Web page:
Vero Kern describes her line of perfumes as “unconventional combinations of pure, high quality materials”  and after lengthy sampling sessions I have found each one to have their very own distinct character. I see them as three different personalities, each of them being unconventional and beautiful in their own way. This week I will explore the personalities of all three Extraits, starting with my happy, fun-loving girl, Kiki.
I am on a lavender kick at the moment so when my Vero Profumo samples arrived I was inevitably drawn to Kiki. To me, Kiki is the most joyful of lavender perfumes, there is a distinct sense of frivolity and a touch of naughtiness to it. Kiki is a flirt at heart, she likes to fall in love with all of the boys but never gives herself away, she is a free, fun-loving spirit that is irresistible in each and every way.
My Boys – Rupert and Paddington.
Smell is the least understood of the five senses, but it is probably one of the most important. We respond to smell not only a physical level but also on an emotional one. It is an integral part of our beings and whilst it may not be as immediately vital as our sight or our hearing, it has a huge affect on how we view the world.
I believe that throughout our lives we become attached to certain smells, perhaps because they are familiar to us or because we have a strong and positive emotional reaction to them. Our brains keep these smells and their corresponding in a hidden part of our brain to only be released when we come across them in the real world. This bank of scented memories forms a massive part of who we are.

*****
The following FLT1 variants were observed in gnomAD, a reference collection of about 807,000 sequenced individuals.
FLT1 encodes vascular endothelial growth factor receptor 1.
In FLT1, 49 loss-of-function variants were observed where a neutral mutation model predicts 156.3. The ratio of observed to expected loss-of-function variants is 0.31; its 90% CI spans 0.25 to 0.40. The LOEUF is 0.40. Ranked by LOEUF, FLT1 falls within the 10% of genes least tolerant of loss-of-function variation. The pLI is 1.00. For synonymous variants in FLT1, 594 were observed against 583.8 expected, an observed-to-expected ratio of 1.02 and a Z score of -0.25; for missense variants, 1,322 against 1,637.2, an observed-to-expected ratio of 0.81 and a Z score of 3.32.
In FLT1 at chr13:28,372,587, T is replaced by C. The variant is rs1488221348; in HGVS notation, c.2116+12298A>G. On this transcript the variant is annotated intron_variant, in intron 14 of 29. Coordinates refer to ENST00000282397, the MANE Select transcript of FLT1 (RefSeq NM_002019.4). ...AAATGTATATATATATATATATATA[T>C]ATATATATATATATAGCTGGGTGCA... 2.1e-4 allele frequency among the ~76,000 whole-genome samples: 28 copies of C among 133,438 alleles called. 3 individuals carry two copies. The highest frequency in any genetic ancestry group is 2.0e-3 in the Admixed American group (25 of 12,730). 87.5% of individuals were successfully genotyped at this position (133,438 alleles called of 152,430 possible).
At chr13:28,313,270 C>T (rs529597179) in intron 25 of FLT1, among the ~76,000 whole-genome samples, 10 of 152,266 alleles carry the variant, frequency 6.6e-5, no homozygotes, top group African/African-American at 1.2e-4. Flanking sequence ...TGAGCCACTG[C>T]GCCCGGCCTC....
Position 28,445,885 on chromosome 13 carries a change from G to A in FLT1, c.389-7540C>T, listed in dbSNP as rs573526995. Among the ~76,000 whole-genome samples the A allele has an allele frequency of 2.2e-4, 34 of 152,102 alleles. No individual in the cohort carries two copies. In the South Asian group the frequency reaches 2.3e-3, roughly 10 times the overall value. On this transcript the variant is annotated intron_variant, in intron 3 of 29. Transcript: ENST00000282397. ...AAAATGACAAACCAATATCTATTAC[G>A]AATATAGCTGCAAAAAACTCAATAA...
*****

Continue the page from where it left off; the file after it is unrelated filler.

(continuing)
Have you ever come across a smell and been instantly taken back to a specific time, person or place?
It always surprises me just how vivid smells are in our memory, sometimes I struggle to remember the exact details of a particular time, I can’t remember the entirety of events or the small details but I can always remember the smells. In this post I would like to share those smells that have a particular resonance with me and hold a particular sentiment within my heart.
“Sartorial – sar-tor-ial adj. [attrib] of or relating to tailoring, clothes, or style of dress: sartorial elegance”
I chose not to write a post on my fragrant new years resolutions simply because I have only made three. They are; to keep producing interesting and informative content for The Candy Perfume Boy, to review more fragrances from as many brands as possible and finally, to review more masculine fragrances.